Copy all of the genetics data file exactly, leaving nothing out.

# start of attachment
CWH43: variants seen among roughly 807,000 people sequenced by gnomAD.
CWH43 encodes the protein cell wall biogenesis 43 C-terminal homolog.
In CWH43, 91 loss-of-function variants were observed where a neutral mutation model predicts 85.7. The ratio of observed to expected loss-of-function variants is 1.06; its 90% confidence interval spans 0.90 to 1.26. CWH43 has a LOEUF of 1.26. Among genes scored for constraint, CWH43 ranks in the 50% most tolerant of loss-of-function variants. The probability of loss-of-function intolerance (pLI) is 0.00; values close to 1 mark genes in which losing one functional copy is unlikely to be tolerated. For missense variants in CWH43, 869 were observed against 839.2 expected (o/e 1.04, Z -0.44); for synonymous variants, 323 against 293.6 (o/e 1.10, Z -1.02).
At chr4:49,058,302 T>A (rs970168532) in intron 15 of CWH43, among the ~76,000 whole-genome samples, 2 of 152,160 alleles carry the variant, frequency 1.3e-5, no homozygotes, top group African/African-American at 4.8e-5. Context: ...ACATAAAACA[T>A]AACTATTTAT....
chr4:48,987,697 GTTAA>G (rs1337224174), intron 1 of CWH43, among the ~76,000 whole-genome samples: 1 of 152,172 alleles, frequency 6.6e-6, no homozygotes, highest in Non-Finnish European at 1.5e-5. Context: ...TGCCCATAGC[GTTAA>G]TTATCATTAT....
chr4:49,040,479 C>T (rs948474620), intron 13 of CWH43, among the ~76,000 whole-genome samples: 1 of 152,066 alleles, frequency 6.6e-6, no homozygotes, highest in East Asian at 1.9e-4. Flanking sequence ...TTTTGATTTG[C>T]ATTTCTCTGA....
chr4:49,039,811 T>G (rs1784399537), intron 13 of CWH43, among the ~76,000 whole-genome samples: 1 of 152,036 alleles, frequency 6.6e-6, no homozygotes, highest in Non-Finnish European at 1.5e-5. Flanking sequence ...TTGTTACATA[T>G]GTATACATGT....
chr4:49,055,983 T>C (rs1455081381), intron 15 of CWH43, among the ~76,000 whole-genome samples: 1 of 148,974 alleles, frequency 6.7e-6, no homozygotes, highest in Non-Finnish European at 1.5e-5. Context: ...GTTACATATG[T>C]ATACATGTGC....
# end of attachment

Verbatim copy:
CWH43: variants seen among roughly 807,000 people sequenced by gnomAD.
CWH43 encodes the protein cell wall biogenesis 43 C-terminal homolog.
In CWH43, 91 loss-of-function variants were observed where a neutral mutation model predicts 85.7. The ratio of observed to expected loss-of-function variants is 1.06; its 90% confidence interval spans 0.90 to 1.26. CWH43 has a LOEUF of 1.26. Among genes scored for constraint, CWH43 ranks in the 50% most tolerant of loss-of-function variants. The probability of loss-of-function intolerance (pLI) is 0.00; values close to 1 mark genes in which losing one functional copy is unlikely to be tolerated. For missense variants in CWH43, 869 were observed against 839.2 expected (o/e 1.04, Z -0.44); for synonymous variants, 323 against 293.6 (o/e 1.10, Z -1.02).
At chr4:49,058,302 T>A (rs970168532) in intron 15 of CWH43, among the ~76,000 whole-genome samples, 2 of 152,160 alleles carry the variant, frequency 1.3e-5, no homozygotes, top group African/African-American at 4.8e-5. Context: ...ACATAAAACA[T>A]AACTATTTAT....
chr4:48,987,697 GTTAA>G (rs1337224174), intron 1 of CWH43, among the ~76,000 whole-genome samples: 1 of 152,172 alleles, frequency 6.6e-6, no homozygotes, highest in Non-Finnish European at 1.5e-5. Context: ...TGCCCATAGC[GTTAA>G]TTATCATTAT....
chr4:49,040,479 C>T (rs948474620), intron 13 of CWH43, among the ~76,000 whole-genome samples: 1 of 152,066 alleles, frequency 6.6e-6, no homozygotes, highest in East Asian at 1.9e-4. Flanking sequence ...TTTTGATTTG[C>T]ATTTCTCTGA....
chr4:49,039,811 T>G (rs1784399537), intron 13 of CWH43, among the ~76,000 whole-genome samples: 1 of 152,036 alleles, frequency 6.6e-6, no homozygotes, highest in Non-Finnish European at 1.5e-5. Flanking sequence ...TTGTTACATA[T>G]GTATACATGT....
chr4:49,055,983 T>C (rs1455081381), intron 15 of CWH43, among the ~76,000 whole-genome samples: 1 of 148,974 alleles, frequency 6.7e-6, no homozygotes, highest in Non-Finnish European at 1.5e-5. Context: ...GTTACATATG[T>C]ATACATGTGC....